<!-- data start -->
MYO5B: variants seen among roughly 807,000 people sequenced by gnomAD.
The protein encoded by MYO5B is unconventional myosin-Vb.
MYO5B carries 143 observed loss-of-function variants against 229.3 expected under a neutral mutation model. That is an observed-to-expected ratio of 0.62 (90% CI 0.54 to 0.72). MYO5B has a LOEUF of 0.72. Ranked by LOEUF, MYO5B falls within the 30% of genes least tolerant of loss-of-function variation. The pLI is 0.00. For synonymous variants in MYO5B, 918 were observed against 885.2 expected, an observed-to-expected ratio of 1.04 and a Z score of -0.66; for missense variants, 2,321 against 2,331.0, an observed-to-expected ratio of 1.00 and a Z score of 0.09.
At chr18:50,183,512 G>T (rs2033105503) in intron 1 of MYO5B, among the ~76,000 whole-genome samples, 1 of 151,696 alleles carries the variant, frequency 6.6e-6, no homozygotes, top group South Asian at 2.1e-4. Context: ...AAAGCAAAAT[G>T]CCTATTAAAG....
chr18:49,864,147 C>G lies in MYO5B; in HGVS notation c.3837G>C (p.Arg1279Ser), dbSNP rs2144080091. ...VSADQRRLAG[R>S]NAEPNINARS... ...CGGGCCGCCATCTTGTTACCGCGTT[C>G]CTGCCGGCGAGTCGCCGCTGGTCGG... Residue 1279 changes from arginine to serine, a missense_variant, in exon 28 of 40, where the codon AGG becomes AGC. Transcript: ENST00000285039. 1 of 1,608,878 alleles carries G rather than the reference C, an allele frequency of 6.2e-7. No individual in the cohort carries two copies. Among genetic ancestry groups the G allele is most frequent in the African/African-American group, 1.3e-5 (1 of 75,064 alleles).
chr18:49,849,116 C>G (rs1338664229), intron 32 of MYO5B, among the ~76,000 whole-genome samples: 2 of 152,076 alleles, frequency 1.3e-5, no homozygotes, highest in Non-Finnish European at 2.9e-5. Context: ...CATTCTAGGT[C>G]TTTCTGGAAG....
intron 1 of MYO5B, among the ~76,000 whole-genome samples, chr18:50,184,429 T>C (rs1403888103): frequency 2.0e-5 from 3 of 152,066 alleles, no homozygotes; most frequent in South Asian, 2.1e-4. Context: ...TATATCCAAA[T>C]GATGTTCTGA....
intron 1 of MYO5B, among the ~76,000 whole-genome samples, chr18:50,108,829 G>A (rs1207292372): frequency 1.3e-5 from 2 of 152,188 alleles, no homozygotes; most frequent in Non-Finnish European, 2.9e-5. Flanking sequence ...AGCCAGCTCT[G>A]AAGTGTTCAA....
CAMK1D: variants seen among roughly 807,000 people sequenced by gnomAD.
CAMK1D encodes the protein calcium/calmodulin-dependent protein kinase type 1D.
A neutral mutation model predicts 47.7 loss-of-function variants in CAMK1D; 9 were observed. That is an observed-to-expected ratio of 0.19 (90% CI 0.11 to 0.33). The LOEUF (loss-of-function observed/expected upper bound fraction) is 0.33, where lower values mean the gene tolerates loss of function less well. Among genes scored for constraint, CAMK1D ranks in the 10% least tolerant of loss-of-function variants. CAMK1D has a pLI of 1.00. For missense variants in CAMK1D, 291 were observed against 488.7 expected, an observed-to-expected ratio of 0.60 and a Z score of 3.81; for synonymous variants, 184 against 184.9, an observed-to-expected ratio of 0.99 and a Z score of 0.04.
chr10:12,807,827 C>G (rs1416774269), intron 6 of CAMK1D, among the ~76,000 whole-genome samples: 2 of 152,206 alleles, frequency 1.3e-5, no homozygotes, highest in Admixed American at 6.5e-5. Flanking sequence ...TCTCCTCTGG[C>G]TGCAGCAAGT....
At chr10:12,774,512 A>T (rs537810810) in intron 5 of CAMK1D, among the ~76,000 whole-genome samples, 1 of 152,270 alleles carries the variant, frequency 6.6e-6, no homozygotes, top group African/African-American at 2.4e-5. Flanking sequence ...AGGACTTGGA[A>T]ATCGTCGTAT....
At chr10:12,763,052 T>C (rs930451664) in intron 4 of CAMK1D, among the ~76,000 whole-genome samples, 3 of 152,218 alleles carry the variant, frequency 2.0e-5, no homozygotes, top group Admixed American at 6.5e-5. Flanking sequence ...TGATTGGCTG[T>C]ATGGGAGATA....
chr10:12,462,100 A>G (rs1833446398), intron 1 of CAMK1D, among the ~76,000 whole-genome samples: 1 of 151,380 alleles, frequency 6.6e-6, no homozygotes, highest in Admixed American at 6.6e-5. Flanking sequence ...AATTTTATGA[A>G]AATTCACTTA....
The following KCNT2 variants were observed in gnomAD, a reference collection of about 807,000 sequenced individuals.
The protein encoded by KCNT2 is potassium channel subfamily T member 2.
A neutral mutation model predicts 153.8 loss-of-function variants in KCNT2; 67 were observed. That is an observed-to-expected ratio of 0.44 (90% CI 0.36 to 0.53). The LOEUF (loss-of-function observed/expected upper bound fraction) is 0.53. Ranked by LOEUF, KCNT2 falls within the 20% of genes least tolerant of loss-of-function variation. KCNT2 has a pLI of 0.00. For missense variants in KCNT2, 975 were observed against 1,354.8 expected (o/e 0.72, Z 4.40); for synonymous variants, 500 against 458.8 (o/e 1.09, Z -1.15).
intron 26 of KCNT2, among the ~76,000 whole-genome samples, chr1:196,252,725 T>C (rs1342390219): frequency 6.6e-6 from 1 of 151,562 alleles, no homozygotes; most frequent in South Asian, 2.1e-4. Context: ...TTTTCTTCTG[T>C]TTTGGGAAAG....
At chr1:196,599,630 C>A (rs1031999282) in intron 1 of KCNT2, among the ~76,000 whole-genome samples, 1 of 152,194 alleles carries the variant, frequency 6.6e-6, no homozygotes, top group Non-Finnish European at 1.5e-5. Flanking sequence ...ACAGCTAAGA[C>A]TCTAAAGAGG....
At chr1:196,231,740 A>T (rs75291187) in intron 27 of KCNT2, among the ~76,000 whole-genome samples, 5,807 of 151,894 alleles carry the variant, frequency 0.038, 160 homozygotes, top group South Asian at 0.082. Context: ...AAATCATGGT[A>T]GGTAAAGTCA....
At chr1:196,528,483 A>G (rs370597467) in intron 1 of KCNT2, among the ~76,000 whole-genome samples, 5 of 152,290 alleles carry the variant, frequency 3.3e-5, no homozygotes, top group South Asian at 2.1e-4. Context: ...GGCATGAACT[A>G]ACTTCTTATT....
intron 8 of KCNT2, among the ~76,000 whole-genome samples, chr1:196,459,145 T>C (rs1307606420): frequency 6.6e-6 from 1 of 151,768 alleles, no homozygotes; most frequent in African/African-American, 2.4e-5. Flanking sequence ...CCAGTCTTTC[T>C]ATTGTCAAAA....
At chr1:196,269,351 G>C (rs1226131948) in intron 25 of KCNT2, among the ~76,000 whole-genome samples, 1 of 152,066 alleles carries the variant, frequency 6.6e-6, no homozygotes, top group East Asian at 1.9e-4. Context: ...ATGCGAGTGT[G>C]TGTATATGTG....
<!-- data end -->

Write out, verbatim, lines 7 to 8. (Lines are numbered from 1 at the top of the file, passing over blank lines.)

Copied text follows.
intron 1 of MYO5B, among the ~76,000 whole-genome samples, chr18:50,184,429 T>C (rs1403888103): frequency 2.0e-5 from 3 of 152,066 alleles, no homozygotes; most frequent in South Asian, 2.1e-4. Context: ...TATATCCAAA[T>C]GATGTTCTGA....
intron 1 of MYO5B, among the ~76,000 whole-genome samples, chr18:50,108,829 G>A (rs1207292372): frequency 1.3e-5 from 2 of 152,188 alleles, no homozygotes; most frequent in Non-Finnish European, 2.9e-5. Flanking sequence ...AGCCAGCTCT[G>A]AAGTGTTCAA....